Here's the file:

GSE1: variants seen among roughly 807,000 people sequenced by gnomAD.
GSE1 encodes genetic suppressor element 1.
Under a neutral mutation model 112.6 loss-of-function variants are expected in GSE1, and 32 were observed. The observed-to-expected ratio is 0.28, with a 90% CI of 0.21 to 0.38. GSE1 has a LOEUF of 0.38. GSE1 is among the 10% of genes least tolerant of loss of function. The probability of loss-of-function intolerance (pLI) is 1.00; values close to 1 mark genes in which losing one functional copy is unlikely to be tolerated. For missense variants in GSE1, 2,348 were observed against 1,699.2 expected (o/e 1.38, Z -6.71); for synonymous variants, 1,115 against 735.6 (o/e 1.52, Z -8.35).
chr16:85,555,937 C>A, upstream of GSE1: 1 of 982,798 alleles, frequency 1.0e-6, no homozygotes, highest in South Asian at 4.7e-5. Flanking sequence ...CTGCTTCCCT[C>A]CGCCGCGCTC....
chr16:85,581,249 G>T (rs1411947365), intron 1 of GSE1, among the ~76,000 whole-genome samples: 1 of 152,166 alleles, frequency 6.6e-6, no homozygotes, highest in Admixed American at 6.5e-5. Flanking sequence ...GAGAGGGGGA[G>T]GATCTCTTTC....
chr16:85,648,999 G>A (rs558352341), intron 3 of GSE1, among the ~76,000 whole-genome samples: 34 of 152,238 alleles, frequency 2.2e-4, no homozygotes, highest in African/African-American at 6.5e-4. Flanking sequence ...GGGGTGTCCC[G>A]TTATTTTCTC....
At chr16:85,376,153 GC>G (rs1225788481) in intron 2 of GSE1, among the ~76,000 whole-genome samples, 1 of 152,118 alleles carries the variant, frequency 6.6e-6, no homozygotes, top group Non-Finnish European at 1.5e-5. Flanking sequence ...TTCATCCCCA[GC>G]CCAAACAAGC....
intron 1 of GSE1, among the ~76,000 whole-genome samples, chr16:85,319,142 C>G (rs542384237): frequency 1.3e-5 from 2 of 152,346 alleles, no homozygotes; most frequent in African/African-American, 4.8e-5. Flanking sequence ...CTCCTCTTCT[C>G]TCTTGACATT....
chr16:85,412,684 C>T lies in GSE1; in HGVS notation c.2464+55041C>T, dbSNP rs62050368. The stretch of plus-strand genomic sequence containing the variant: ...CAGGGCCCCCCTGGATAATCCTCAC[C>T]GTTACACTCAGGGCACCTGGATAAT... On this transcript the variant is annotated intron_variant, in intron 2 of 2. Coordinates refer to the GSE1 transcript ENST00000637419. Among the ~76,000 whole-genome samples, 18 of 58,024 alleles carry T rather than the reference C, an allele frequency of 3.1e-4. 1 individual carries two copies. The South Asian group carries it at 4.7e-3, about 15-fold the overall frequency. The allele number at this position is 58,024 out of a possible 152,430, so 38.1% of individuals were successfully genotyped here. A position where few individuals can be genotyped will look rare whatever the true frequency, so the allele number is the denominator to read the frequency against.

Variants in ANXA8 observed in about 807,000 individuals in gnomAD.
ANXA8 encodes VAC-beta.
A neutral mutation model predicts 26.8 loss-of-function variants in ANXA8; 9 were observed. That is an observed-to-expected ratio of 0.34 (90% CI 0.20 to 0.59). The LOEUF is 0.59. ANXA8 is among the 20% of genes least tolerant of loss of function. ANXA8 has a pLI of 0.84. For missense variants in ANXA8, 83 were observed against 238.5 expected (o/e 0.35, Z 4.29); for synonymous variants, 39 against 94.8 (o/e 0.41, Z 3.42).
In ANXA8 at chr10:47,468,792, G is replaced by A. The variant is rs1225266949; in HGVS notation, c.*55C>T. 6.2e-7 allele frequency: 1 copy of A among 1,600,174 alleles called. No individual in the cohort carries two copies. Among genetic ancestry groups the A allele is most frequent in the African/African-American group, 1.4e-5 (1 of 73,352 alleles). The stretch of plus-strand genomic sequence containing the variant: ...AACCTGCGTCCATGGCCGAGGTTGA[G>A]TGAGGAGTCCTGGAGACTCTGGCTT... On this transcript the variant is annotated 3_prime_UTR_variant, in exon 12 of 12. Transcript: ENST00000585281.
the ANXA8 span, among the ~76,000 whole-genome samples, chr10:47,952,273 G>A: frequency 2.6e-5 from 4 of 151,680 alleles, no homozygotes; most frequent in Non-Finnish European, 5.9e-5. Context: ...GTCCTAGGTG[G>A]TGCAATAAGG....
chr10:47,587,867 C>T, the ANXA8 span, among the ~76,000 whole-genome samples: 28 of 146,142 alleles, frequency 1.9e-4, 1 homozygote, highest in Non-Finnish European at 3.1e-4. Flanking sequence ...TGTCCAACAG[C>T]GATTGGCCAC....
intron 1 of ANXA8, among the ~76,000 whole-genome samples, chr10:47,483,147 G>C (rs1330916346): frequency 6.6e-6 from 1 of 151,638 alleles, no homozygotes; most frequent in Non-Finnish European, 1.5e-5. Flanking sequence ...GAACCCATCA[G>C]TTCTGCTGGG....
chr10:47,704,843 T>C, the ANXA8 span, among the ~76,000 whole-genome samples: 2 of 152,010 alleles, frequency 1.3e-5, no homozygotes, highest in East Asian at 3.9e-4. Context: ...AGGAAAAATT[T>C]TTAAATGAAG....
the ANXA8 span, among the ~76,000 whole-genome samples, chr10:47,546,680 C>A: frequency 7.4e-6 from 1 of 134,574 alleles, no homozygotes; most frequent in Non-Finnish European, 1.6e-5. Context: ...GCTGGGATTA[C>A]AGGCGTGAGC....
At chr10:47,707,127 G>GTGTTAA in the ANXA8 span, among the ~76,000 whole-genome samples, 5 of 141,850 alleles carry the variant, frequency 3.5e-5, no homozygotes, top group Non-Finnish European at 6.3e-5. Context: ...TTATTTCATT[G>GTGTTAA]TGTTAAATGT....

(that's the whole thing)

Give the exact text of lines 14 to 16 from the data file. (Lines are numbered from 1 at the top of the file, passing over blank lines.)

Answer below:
the ANXA8 span, among the ~76,000 whole-genome samples, chr10:47,952,273 G>A: frequency 2.6e-5 from 4 of 151,680 alleles, no homozygotes; most frequent in Non-Finnish European, 5.9e-5. Context: ...GTCCTAGGTG[G>A]TGCAATAAGG....
chr10:47,587,867 C>T, the ANXA8 span, among the ~76,000 whole-genome samples: 28 of 146,142 alleles, frequency 1.9e-4, 1 homozygote, highest in Non-Finnish European at 3.1e-4. Flanking sequence ...TGTCCAACAG[C>T]GATTGGCCAC....
intron 1 of ANXA8, among the ~76,000 whole-genome samples, chr10:47,483,147 G>C (rs1330916346): frequency 6.6e-6 from 1 of 151,638 alleles, no homozygotes; most frequent in Non-Finnish European, 1.5e-5. Flanking sequence ...GAACCCATCA[G>C]TTCTGCTGGG....